Register Now » 1 min read Apple diehards will soon have the chance to own a formative piece of the company’s history, when one of the very first Apple 1 computers is auctioned off on October 22.The Apple 1, which marks the storied company’s inaugural product, was concocted by Steve Wozniak in either Steve Jobs’ family garage or in his little sister’s bedroom.The still-functioning motherboard, which will be offered by Bonhams New York, is expected to fetch between $300,000 and $500,000, according to the auction house. For comparison’s sake, when the product was first introduced in 1976, it was sold for a rather ominous $666.66.While the Apple 1 computer singlehandedly “[heralded] the dawn of the personal computer revolution,” according to Bonhams, only 200 units were ever made — roughly 15 of which are still operational today.Related: Apple Reportedly Delays Launch of Jumbo iPad October 9, 2014 Free Webinar | Sept. 9: The Entrepreneur’s Playbook for Going Global Growing a business sometimes requires thinking outside the box.
A Letterkenny man, who was found drink-driving a horse and trap at 2.45 in the morning has been sent to prison after his ‘luck run out’.On November 2, 2016, Danny Connors was observed driving the horse-drawn carriage between two lanes of the Neil T Blaney Road. Connors, who was ‘highly intoxicated’, sped off after being pursued by Gardai.Connors (44) of 7 Canal Road, Letterkenny, was sentenced to two months imprisonment after threatening Gardai with an iron bar and two glass bottles as they approached him.Connors, who has 31 previous convictions, dismounted at Canal Road and held up an iron bar to Gardai, Inspector Sean Grant said.Connors then picked up two glass bottles and waved them at the approaching officers, who pepper sprayed and arrested the defendant.Defence solicitor Michael Shiel said Connors ‘was dying to take the horse out’.“He got the horse a day or two before it,” Mr Shiel told Letterkenny District Court.“I asked him why he took the horse and trap out at half-past two in the morning. He hadn’t had a chance to take it out and he was dying to get out on the horse.“He realises that it was an act of lunacy. It was a crazy act to do. He had drink taken and his judgement wasn’t the best.”Asked why he had taken off when Gardai attempted to stop him, Connors claimed he couldn’t control the horse and he tried to steer back home.Connors pleaded guilty to the charges of attempting to drive an animal-propelled vehicle while drunk and resisting arrest.“This incident is particularly graphic,” said Judge Paul Kelly. “He took an unfortunate animal out in that condition onto an extremely busy road at that out of the morning.“He then tried to get away from Gardai and picked up a bar and bottles. His luck has run out.”Judge Kelly sentenced Connors to two months in prison and issued a fine of €250.Recognisance in the event of an appeal was set on Connors’ own bond of €400.Letterkenny man drink-driving on horse and trap sent to prison was last modified: April 14th, 2018 by Staff WriterShare this:Click to share on Facebook (Opens in new window)Click to share on Twitter (Opens in new window)Click to share on LinkedIn (Opens in new window)Click to share on Reddit (Opens in new window)Click to share on Pocket (Opens in new window)Click to share on Telegram (Opens in new window)Click to share on WhatsApp (Opens in new window)Click to share on Skype (Opens in new window)Click to print (Opens in new window) Tags:Canal RoadDanny ConnorsInspector Sean GrantJudge Paul KellyletterkennyLetterkenny District CourtMichael ShielNeil T Blaney Road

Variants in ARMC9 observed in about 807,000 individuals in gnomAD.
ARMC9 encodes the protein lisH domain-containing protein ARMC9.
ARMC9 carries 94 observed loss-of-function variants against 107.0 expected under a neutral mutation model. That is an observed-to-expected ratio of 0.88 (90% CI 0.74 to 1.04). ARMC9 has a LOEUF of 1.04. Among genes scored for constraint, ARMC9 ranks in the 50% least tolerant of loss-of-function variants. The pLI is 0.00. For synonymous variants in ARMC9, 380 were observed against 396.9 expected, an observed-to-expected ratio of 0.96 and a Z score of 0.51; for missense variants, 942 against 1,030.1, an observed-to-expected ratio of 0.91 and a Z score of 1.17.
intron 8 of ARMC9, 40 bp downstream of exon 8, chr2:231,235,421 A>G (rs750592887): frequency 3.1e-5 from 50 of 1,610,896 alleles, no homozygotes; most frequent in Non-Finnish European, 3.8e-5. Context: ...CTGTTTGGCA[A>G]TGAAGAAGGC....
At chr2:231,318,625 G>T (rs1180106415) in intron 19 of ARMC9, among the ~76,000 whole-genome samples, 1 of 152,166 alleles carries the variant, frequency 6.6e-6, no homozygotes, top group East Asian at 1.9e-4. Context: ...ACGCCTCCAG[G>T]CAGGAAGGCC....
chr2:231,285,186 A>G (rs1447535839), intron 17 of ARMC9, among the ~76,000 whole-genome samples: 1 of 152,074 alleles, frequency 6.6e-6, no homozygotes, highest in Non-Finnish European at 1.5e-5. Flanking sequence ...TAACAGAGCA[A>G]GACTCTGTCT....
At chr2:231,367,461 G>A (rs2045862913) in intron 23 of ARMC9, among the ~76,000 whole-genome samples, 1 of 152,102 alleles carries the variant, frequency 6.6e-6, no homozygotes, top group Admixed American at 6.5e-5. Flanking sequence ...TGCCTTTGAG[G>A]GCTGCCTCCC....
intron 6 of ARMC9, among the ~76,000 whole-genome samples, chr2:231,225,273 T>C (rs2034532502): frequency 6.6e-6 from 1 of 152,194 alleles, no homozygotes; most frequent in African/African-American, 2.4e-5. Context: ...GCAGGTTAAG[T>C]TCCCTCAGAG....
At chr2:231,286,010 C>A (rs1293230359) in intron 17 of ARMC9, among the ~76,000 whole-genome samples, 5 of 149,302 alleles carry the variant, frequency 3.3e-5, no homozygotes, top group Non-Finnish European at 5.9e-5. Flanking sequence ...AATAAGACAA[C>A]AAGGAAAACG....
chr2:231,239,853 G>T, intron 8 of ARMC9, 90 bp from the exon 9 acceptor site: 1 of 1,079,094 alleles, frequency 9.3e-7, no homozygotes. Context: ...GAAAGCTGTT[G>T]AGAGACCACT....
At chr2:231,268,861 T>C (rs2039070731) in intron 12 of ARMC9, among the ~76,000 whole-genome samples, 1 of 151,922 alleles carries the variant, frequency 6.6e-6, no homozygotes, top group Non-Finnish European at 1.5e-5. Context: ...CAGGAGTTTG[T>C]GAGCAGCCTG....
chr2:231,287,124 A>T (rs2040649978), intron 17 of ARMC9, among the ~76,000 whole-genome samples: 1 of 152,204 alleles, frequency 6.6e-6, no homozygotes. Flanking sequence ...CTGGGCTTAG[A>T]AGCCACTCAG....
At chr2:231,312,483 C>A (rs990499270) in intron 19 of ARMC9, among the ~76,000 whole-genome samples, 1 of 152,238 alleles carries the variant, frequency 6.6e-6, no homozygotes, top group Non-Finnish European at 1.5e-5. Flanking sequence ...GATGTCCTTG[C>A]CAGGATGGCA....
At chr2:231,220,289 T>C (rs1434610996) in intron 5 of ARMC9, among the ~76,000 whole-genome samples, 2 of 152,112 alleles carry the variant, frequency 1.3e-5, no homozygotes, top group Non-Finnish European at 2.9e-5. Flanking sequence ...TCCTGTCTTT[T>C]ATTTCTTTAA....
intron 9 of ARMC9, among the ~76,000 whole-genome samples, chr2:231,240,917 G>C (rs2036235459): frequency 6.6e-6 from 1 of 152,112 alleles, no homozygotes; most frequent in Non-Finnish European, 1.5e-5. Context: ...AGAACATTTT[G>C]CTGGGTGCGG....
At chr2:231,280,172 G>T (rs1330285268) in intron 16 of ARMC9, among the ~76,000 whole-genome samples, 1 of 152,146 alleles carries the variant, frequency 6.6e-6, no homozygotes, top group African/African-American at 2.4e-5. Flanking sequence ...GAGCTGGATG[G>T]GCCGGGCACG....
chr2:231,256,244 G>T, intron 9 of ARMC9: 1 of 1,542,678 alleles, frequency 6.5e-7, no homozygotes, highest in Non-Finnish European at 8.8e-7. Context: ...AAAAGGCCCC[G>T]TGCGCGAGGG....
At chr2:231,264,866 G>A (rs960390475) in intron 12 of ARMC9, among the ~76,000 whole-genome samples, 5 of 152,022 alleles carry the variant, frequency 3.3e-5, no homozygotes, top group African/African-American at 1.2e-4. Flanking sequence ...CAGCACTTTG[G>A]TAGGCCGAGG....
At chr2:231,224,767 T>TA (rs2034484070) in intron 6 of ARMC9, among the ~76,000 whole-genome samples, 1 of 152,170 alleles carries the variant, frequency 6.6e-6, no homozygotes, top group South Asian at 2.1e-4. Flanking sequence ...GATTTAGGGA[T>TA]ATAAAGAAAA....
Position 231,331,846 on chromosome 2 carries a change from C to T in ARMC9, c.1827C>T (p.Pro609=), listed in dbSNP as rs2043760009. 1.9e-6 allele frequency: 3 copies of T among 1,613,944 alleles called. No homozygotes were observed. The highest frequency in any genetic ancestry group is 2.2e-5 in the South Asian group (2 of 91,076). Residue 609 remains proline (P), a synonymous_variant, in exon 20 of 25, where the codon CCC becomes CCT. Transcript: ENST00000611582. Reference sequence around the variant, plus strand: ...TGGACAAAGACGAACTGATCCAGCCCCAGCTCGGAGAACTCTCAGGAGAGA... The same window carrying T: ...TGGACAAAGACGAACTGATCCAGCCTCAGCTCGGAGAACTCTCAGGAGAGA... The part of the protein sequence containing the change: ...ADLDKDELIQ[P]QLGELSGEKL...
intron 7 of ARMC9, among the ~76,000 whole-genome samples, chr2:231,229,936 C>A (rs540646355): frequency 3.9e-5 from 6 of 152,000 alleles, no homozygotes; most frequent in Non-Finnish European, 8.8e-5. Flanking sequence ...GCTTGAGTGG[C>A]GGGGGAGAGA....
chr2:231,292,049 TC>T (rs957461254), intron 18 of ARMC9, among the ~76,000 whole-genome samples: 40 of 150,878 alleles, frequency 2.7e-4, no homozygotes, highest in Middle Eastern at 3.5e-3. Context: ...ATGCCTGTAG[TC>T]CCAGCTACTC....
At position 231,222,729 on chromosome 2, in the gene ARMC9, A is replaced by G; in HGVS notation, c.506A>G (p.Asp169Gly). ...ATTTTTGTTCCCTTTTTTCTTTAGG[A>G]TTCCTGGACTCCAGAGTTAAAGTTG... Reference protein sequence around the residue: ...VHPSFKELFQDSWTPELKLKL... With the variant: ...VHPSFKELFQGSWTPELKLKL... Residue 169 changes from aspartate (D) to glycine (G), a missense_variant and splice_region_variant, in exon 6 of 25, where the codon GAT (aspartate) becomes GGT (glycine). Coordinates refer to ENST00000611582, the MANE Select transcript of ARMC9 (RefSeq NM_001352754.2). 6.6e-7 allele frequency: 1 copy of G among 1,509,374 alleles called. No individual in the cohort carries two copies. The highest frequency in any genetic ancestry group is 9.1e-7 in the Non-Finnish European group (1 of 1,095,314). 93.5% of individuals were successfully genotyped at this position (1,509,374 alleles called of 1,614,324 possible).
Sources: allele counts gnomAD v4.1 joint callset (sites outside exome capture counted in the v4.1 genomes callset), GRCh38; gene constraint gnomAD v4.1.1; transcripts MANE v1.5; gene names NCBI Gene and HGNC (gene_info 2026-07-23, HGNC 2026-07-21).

When you bring a second camera operator onto your film or video shoot, be sure you communicate clearly about these five important elements.If you stay in the film and video game long enough, you’ll find that there are many jobs that you simply can’t do alone. When you get to that point, you have a couple of options. You can join up with a bigger production team, or you can bring on someone to help you out.Bringing on a second camera op can be a big help, but it can also cause some problems if you don’t establish a good line of communication early on. For best results, go over the following five essential topics to maximize the return on investing in a second camera op.1. Project Goals and ScopeImage via Rad K.It’s a good idea to connect early and start chatting about your project. If you can find your camera op several weeks before your shoot, you can meet in person and go over everything in detail. If you’re limited to email or online communication, you can still get ahead of things. Just be sure to completely explain the project’s goals, scope, and details.Also, if you’re paying your second shooter as a contractor, be upfront about how much you’ll pay them — and exactly when they will receive it.2. A-Camera, B-Camera, and AudioImage via guruXOX.You’ll also want to clearly define both your roles on the shoot. Many two-camera projects (whether they involve event coverage, interviews, or anything else) will operate off an A-cam and B-cam setup. If you’re operating the A-camera, you’ll expect your B-camera operator to adjust his or her coverage accordingly (or vice versa). You’ll also want to coordinate when, where, and how you will record audio.3. Recording Settings and StyleImage via SKphotographer.When working on two-camera shoots, it’s ideal to have two of the same camera. However, in the real world, this seems to rarely happen. Your second camera operator may bring a camera of their own, or maybe you’re supplying another one you have at your disposal. Either way, as soon as you know what you’re working with, you’ll want to synchronize your recording settings. Unless you’re looking for different coverage types, its helpful if you sync your FPS, aperture, and picture profiles.4. Coverage PriorityImage via Yulia Grigoryeva.Once you’re on your shoot, depending on your overall coverage goals, you may want to divide and conquer. This is often necessary for event videos, when there’s a lot going on and you need to get as much coverage as possible. If you need to send your second camera off to shoot on their own, give them clear guidelines about your coverage priorities — like filming particular people or brands, certain exteriors or wides, or specific crowd reactions. Let your second camera op know exactly what to look for, ideally with a shot list.5. Footage Handoff and PaymentFinally, when all is said and done and you’ve wrapped your shoot, initiate a quick but professional handoff of footage and/or equipment. Unless you’ve already worked something out, do not let your second camera op leave with cards or footage. Ideally you’ll have a way to upload footage immediately (or take the cards with you). You’ll also want to be clear about how and when you’ll deliver payment. (As I said above, iron this out early into the project — well before you begin shooting — and use a contract.)Cover image by wellphoto.For more film and video production tips and tricks, check out some of these articles as well.How to Use a Third Camera on Interview Shoots3 Tips You Must Know Before Shooting a Multicam ProductionHow to Shoot Gorgeous Documentary InterviewsCapture Live Events Like a Pro with These Simple RulesHow to Make Event Footage More Cinematic